Sensex will average out at 13K. RE will drop by 50%. 25% layoffs. And India's debt has 80% probabiliy of getting downgraded.

Anonymous said...

Looks like we are in a "W". The second downturn has started and it will bottom out at Dow close to 7K and Sensex close to 9-10K. This recession would be really bad as Govts. cannot print there way out of this one.

Massive pain ahead. Sell your RE/Stocks now and stay in cash. cash would be king. You'll be able to buy your own house again in the next year or so for 50% less than today if you have cash.

Secondly, save your job. Major layoffs and salary reductions coming. Two sectors that should be careful: IT and Banking.

Construction industry is going to go down for the next 10 years. Too much inventory will show up soon when all investors become sellers.

Anonymous said...

Anons above - so what happened to India shining and all. What happened to super growth story of India... was all that lie? if all that news was a lie, then can we trust the current correction is not a lie?

Anonymous said...

Any economy based on too much spending (Keynsianism)is only good for a short period of time. When Governments around the world made it a habit to borrow/print and spend, you'll see what is happening in US/EU. They have been living on debt economy for a long time and chickens are coming home to roost.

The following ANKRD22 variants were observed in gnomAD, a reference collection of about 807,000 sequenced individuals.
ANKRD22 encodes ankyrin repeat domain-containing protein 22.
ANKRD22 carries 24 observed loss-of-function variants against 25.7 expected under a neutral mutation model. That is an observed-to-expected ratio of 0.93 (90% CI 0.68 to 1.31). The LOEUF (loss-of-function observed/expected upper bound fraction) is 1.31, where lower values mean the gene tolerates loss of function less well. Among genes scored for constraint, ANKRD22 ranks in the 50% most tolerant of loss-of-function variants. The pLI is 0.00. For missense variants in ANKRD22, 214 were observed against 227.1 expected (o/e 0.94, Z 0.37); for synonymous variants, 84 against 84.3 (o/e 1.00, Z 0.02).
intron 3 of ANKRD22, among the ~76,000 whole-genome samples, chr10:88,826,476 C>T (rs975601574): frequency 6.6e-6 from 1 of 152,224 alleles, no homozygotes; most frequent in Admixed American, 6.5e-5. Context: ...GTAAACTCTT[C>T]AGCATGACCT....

Same is the India shining story. Unlike US/EU shining, India also had its party days. But it would stop as money cannot be printed and spent infinitely.

Govts. misuse Keynsianism in a way that spending is good in recession etc. and then you make up when times are good. Currently, all we do is spending.

Look at the debt figures of India. Even the salaries of GOI employees is being paid from borrowed money. India would have to go for a major austerity to avoid a collapse like EU/US. Which means less spending, salary cuts and if the RE bubble also bursts, we in India are totally screwed. We'll go back 10-15 years in growth.

GSM said...

Look at the debt figures of India. Even the salaries of GOI employees is being paid from borrowed money. India would have to go for a major austerity to avoid a collapse like EU/US. Which means less spending, salary cuts and if the RE bubble also bursts, we in India are totally screwed. We'll go back 10-15 years in growth.

This is not completely correct. The Govt debt in India is mostly owed to People of India through our savings lent out through banks so there shouldn't be a shock like EU/US. Japan has been able to sustain with more than 200% debt to GDP because it is funded internally. Plus even if India is growing at 7% the debts are not going to explode. And GOI has owns public companies which it can sell to cover debts and deficits (which they are doing).

Anonymous said...

I feel that gold will be the nemesis for the RE market, as the black/white/big/small money figures the potential in gold and almost no upside left in RE, they should start dumping RE in it's favor.